Dr. Jennifer Brown
Designing the swine farms of the future
|Type of researcher|
|Introduce yourself, your experience and your credentials||
My name is Jennifer Brown and I’m a research scientist here at the Prairie Swine Center in ethology or animal behavior and welfare. I’m also an adjunct professor at the University of Saskatchewan and this is my friend hunter the office cat.
|Describe your research||
For my research here at the Prairie Swine Center I am looking at the understanding of pig behavior and then using this information to improve the management practices we have on commercial farms at all stages of the pig’s life. I really like animal behavior – the study of animal behavior – because it’s how animals adapt to their environment.
We can study their growth, or their their reproduction, or their physiology. One of the first things that you see when you’re changing the environment is a change in behavior. That’s how pigs immediately adapt to their environment. The other changes will come later on. So it’s a really a first indicator of what’s going on with the pig.
My research includes studies to improve pain management in pigs. This is during procedures like tail docking or castration which are commercial practices. Analgesics can be used to treat pain before and after these procedures. Analgesics can also be used to treat lameness or other painful conditions so my colleagues and I are developing new methods and tools to reliably assess pain in pigs and then we can better evaluate these different treatment methodologies.
I also do a lot of research on group housing in sows and certainly stall housing of gestating animals has been a real focus for the animal rights groups and criticisms of pork production. I would say that certainly group housing has the potential to improve sow welfare but most people don’t really appreciate the complexity of these systems and the challenges associated with managing sows in group housing.
I think everyone recognizes that sows are are very intelligent and highly social animals. In the wild they exist usually in what we call sounders so that would be a small group of very familiar and usually related sows in their offspring. When we take sows out of stalls certainly, that’s going to involve grouping and mixing of different animals so we study the social hierarchy of these animals.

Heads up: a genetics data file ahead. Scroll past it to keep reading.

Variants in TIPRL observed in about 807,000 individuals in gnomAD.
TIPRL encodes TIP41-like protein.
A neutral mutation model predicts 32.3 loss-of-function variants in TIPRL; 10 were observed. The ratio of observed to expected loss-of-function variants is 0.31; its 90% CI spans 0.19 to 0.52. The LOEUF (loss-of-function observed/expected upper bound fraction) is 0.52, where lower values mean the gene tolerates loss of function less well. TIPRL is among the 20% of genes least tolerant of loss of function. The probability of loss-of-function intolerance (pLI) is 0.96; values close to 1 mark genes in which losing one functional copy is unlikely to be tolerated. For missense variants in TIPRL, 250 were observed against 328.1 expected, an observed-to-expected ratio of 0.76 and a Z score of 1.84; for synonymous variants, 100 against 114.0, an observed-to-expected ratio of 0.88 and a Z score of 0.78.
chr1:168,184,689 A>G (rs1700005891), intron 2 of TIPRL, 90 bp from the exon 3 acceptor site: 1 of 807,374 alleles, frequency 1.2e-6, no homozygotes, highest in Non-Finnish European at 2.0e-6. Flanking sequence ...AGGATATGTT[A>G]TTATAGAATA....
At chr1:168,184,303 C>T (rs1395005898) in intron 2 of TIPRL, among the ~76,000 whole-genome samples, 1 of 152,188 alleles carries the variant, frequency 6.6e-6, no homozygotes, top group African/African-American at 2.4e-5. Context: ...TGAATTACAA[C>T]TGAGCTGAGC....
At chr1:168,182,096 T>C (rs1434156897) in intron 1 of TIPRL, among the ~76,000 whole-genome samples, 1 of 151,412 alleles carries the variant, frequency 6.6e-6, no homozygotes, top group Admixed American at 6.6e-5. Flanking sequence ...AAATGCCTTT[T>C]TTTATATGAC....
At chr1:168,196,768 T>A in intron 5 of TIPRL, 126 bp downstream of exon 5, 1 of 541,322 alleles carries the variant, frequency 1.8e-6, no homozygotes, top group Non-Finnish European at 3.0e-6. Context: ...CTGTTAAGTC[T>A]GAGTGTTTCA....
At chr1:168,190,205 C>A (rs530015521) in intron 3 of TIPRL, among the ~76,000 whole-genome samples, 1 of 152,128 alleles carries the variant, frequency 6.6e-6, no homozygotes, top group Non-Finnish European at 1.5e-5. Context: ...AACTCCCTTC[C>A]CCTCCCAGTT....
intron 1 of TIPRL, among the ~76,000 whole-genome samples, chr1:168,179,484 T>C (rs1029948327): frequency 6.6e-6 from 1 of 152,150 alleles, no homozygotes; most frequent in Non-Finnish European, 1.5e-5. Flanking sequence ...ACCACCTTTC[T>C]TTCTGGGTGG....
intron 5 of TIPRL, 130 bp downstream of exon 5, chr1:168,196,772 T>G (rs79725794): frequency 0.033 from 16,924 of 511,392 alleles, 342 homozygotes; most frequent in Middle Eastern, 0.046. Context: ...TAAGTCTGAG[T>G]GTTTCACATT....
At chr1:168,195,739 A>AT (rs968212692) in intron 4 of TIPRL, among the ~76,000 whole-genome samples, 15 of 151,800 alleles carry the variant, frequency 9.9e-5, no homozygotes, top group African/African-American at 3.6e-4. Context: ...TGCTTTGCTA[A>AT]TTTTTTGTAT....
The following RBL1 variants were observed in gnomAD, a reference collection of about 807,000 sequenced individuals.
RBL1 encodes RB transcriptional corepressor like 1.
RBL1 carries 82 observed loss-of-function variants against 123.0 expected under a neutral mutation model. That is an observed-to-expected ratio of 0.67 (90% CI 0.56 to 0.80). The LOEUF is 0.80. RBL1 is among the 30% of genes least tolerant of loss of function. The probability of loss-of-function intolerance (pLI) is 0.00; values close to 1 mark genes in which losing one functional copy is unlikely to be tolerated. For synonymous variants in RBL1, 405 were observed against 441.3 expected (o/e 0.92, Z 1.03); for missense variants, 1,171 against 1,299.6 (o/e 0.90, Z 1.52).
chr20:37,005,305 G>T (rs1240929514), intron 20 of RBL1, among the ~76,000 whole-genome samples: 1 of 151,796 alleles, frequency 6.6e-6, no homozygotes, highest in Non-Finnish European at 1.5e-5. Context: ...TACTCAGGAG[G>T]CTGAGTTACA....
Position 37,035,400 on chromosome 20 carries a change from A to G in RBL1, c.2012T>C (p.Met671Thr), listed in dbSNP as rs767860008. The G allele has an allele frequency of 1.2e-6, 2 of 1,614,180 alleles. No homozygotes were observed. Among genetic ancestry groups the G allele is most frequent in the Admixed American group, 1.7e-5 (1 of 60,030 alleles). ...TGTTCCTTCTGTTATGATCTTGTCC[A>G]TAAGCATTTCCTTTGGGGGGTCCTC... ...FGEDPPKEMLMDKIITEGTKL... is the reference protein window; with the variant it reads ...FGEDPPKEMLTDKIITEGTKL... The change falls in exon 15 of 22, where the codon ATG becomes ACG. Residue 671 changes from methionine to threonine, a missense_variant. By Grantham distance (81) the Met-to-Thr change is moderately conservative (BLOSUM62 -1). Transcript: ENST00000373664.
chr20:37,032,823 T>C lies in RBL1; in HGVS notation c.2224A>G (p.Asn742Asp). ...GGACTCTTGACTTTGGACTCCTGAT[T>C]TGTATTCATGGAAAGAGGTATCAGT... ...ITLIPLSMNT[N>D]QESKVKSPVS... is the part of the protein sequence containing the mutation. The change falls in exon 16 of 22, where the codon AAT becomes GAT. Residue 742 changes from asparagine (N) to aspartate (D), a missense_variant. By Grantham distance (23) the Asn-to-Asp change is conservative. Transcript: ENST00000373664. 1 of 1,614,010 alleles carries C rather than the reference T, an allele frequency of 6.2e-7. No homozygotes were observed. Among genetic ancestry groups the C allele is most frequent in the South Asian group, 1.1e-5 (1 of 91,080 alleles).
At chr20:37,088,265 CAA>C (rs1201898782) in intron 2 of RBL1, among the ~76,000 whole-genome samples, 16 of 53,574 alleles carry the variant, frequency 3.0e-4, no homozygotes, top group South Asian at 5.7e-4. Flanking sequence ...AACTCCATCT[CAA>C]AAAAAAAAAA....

In this situation certainly there’s winners and losers when you have a social hierarchy. So how do we manage that so that the subordinate animals are not disadvantaged in these systems and then how do we provide feed at an even levels to all those animals.
I also study environmental enrichment for pigs so the goal when we’re enriching animals is to change that environment so that we improve the biology of the pig. For example, providing some material that the animals can root in or consume and that really satisfies that motivation to forage in the environment.
We know that this can reduce any problem behaviors and results in more natural behaviors in pigs.
|Explain its significance||
My research really addresses the sustainability of livestock production. It looks at developing basically the farm of the future. It’s a process of continuous improvement, so identifying what are the key issues and what are real solutions to those issues and understanding the pig’s behavior and the nature of the pig.
We can integrate that information with new technologies, certainly using infrared cameras and more and more technologies that can help management and will improve the animal’s welfare and then also hopefully improve worker satisfaction in the workers environment in these farms.
Pork production is a very efficient and pork is definitely the most widely eaten meat on the planet. It’s a great source of protein so my research is very relevant to improving that food production and sustainability for the future.
University of Saskatchewan
|Type of institution|
|Agriculture, forestry, fishing and hunting|